This issue includes links to resources for nature and arts enthusiasts. The review focuses on The Lost Woods: The Discovered Writings of Rachael Carson. Previous editions of Rayz Reviewz are archived on Ray’s web page at https://www.rayzimmermanauthor.com/the-rains-come Please send your events and announcements to firstname.lastname@example.org
Barking Legs Theater has shown true innovation during trying times. Current offerings include a backyard concert by Ben van Winkle on July 23 https://barkinglegs.org/events/ On August 7, Barking Legs will offer a live stream with guitarist and composer Peppino D’Augustino. Drive in Dances are postponed for now.
Earth and Sky offers many features, including one on the Summer Triangle, not a constellation in its own right, but a pattern formed by the bright stars, Vega, Deneb, and Altair, each a star in Lyra, Cygnus, and Aquila respectively. Follow the link for a star map and look up (after dark, of course). Find full information at https://earthsky.org/ the Earth and Sky web page.
The Atlanta Journal Constitution continues plans for a virtual book festival this year. Their festival has been called the nation's largest independent book festival, with attendance as high as 80 thousand and taking place traditionally on Labor Day weekend. They are sponsoring several online author conversations https://decaturbookfestival.com/ this summer.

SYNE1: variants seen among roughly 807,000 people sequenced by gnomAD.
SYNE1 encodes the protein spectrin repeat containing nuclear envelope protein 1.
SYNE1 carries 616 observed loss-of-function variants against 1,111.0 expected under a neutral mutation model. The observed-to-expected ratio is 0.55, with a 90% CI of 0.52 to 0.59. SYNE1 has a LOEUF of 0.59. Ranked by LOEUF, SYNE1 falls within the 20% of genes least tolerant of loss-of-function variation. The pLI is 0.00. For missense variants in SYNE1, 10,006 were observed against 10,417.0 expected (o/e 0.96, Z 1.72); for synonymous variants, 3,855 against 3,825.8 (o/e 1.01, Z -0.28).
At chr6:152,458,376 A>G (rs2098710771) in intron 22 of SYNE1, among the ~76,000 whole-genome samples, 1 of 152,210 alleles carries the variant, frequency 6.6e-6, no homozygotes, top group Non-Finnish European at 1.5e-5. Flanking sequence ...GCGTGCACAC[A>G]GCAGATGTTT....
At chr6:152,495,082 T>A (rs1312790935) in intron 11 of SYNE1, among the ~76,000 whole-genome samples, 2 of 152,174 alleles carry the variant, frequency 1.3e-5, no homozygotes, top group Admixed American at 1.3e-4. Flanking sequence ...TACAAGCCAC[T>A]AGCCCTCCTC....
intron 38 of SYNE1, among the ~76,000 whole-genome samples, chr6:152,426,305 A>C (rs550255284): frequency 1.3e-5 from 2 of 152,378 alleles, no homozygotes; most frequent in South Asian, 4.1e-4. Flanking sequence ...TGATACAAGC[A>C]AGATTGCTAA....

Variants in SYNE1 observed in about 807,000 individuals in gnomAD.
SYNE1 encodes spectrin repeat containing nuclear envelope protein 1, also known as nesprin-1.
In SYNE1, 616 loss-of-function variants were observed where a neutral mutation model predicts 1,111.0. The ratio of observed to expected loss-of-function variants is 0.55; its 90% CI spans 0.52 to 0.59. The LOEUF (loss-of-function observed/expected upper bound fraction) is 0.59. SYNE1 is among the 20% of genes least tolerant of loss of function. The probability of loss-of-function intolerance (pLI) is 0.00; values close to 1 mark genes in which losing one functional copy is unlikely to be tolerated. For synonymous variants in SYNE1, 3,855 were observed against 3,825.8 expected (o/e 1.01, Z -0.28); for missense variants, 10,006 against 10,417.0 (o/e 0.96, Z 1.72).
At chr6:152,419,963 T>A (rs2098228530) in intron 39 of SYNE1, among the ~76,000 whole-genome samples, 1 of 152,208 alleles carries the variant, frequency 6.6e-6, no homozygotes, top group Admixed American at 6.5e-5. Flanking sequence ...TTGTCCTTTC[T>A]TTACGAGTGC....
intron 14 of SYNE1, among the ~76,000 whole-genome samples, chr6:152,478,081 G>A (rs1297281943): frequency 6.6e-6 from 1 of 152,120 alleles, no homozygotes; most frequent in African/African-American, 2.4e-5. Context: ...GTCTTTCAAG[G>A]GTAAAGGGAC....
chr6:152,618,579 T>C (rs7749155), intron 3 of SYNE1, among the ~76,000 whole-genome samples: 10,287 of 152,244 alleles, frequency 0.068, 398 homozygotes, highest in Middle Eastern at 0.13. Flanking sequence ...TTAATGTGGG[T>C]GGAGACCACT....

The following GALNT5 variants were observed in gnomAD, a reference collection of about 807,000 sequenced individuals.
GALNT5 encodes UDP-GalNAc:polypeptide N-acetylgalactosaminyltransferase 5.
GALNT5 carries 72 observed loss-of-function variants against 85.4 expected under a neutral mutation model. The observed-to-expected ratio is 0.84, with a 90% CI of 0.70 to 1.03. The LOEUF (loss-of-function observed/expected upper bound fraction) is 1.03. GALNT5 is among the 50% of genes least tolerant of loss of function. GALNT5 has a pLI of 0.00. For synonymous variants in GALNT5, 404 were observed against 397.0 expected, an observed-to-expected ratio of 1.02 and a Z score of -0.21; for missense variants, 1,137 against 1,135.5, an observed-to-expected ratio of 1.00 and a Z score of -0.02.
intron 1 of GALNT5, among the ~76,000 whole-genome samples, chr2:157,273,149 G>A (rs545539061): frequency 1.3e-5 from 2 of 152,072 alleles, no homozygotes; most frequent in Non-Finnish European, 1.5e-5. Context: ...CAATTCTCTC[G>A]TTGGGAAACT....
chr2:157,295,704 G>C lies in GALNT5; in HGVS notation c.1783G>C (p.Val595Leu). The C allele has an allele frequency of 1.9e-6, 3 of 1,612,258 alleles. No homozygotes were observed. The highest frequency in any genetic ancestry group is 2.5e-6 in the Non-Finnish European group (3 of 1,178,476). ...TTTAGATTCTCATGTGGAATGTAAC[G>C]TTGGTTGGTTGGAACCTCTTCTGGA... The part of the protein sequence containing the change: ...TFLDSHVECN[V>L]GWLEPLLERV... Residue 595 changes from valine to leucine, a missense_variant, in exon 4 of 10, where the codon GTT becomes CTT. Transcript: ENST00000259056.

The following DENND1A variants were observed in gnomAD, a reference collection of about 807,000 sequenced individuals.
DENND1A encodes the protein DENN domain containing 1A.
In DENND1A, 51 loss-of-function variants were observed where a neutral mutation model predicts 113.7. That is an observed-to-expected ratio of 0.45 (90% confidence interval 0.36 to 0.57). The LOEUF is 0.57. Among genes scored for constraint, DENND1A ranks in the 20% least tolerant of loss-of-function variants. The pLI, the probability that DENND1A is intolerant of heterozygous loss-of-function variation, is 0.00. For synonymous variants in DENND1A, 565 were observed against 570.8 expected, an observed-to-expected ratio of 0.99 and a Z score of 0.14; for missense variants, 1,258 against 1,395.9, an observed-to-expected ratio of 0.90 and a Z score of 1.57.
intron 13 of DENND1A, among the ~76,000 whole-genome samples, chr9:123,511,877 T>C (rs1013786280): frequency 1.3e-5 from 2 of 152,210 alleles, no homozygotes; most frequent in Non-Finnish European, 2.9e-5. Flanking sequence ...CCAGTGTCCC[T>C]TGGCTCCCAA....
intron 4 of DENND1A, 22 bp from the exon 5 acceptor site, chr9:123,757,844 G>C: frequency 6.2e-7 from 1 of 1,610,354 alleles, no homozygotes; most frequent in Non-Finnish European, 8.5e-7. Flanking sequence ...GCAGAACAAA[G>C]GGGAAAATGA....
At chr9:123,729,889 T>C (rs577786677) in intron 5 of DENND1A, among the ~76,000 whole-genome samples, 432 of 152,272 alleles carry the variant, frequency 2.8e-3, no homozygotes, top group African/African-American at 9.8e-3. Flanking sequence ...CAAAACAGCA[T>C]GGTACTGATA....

Bird Note https://www.birdnote.org/ offers a daily two-minute podcast with a brief story about birds. If you’re a real birdbrain, the web page has more in-depth information.
Poet Laureate Tracy Smith hosts a daily podcast on all things poetic. Visit “The Slowdown” https://www.slowdownshow.org/ for full information.
Star Date offers an informational web page https://stardate.org/ and a daily podcast for those who want to know more about astronomy.
Humanities Tennessee sponsors the Southern Festival of Books each year. The 2020 festival will be online, October 1-11. Expect a big reveal of the participating authors at their July 16 online event. .
Congratulations to The Chattanooga Writers Guild on receipt of a Cares grant via Humanities Tennessee. They have moved their meetings online for the present. See their web page for full information. They will announce winners of their recent writing contest on July15, Al winners will be included in this year’s edition of their anthology.
Shameless Self Promotion
I will present Nature’s Writing Workshop at Lula Lake on the morning of July 18. Attendance is limited to 10 participants with social distancing and masks required.
Not a Review
I am rereading portions of The Lost Woods: The Discovered Writings of Rachael Carson. Most of these works precede her publication of Silent Spring, and the book includes many lyric passages about oceans and shorelines.
Carson had studied at the Woods Hole Oceanographic Institute and received a master's degree in zoology from Johns Hopkins before joining the U.S Fish and Wildlife Services and rising to be the person in charge of all publications. Her book, The Sea around us was the basis for a documentary film and launched her literary career, reviving interest in her earlier work Under the Sea Wind.